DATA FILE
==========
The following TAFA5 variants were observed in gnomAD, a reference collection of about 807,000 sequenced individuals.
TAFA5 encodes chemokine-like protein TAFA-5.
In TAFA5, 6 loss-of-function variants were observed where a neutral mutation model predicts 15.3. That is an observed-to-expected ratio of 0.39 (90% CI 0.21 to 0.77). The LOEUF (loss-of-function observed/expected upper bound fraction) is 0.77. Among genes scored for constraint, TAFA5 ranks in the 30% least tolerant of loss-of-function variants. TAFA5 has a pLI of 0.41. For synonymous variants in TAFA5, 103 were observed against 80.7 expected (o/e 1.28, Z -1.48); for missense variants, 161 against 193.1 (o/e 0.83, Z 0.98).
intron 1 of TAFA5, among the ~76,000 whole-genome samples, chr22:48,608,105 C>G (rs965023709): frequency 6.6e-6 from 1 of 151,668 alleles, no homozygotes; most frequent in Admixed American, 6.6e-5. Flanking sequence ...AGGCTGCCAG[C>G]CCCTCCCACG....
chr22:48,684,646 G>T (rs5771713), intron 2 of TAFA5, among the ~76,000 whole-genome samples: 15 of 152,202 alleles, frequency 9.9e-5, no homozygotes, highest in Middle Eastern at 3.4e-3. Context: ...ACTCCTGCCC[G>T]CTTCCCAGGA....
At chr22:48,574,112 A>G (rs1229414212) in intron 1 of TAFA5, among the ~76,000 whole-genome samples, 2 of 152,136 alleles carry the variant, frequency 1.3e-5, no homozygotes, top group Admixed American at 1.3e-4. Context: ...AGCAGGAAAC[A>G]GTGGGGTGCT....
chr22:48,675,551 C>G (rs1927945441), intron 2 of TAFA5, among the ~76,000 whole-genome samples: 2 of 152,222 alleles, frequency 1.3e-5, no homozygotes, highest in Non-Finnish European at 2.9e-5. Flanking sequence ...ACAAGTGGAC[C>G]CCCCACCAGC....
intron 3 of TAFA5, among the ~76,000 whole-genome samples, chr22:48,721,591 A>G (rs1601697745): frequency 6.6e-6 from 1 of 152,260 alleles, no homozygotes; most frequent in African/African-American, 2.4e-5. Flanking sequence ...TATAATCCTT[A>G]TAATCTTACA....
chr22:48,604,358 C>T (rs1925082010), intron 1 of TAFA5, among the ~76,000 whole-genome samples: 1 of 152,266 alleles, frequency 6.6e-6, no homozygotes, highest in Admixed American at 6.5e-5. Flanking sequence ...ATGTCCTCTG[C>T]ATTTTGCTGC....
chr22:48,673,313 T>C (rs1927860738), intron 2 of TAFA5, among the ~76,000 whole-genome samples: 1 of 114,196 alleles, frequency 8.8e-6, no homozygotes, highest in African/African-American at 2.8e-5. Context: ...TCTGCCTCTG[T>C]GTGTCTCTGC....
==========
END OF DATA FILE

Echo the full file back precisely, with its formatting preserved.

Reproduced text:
The following TAFA5 variants were observed in gnomAD, a reference collection of about 807,000 sequenced individuals.
TAFA5 encodes chemokine-like protein TAFA-5.
In TAFA5, 6 loss-of-function variants were observed where a neutral mutation model predicts 15.3. That is an observed-to-expected ratio of 0.39 (90% CI 0.21 to 0.77). The LOEUF (loss-of-function observed/expected upper bound fraction) is 0.77. Among genes scored for constraint, TAFA5 ranks in the 30% least tolerant of loss-of-function variants. TAFA5 has a pLI of 0.41. For synonymous variants in TAFA5, 103 were observed against 80.7 expected (o/e 1.28, Z -1.48); for missense variants, 161 against 193.1 (o/e 0.83, Z 0.98).
intron 1 of TAFA5, among the ~76,000 whole-genome samples, chr22:48,608,105 C>G (rs965023709): frequency 6.6e-6 from 1 of 151,668 alleles, no homozygotes; most frequent in Admixed American, 6.6e-5. Flanking sequence ...AGGCTGCCAG[C>G]CCCTCCCACG....
chr22:48,684,646 G>T (rs5771713), intron 2 of TAFA5, among the ~76,000 whole-genome samples: 15 of 152,202 alleles, frequency 9.9e-5, no homozygotes, highest in Middle Eastern at 3.4e-3. Context: ...ACTCCTGCCC[G>T]CTTCCCAGGA....
At chr22:48,574,112 A>G (rs1229414212) in intron 1 of TAFA5, among the ~76,000 whole-genome samples, 2 of 152,136 alleles carry the variant, frequency 1.3e-5, no homozygotes, top group Admixed American at 1.3e-4. Context: ...AGCAGGAAAC[A>G]GTGGGGTGCT....
chr22:48,675,551 C>G (rs1927945441), intron 2 of TAFA5, among the ~76,000 whole-genome samples: 2 of 152,222 alleles, frequency 1.3e-5, no homozygotes, highest in Non-Finnish European at 2.9e-5. Flanking sequence ...ACAAGTGGAC[C>G]CCCCACCAGC....
intron 3 of TAFA5, among the ~76,000 whole-genome samples, chr22:48,721,591 A>G (rs1601697745): frequency 6.6e-6 from 1 of 152,260 alleles, no homozygotes; most frequent in African/African-American, 2.4e-5. Flanking sequence ...TATAATCCTT[A>G]TAATCTTACA....
chr22:48,604,358 C>T (rs1925082010), intron 1 of TAFA5, among the ~76,000 whole-genome samples: 1 of 152,266 alleles, frequency 6.6e-6, no homozygotes, highest in Admixed American at 6.5e-5. Flanking sequence ...ATGTCCTCTG[C>T]ATTTTGCTGC....
chr22:48,673,313 T>C (rs1927860738), intron 2 of TAFA5, among the ~76,000 whole-genome samples: 1 of 114,196 alleles, frequency 8.8e-6, no homozygotes, highest in African/African-American at 2.8e-5. Context: ...TCTGCCTCTG[T>C]GTGTCTCTGC....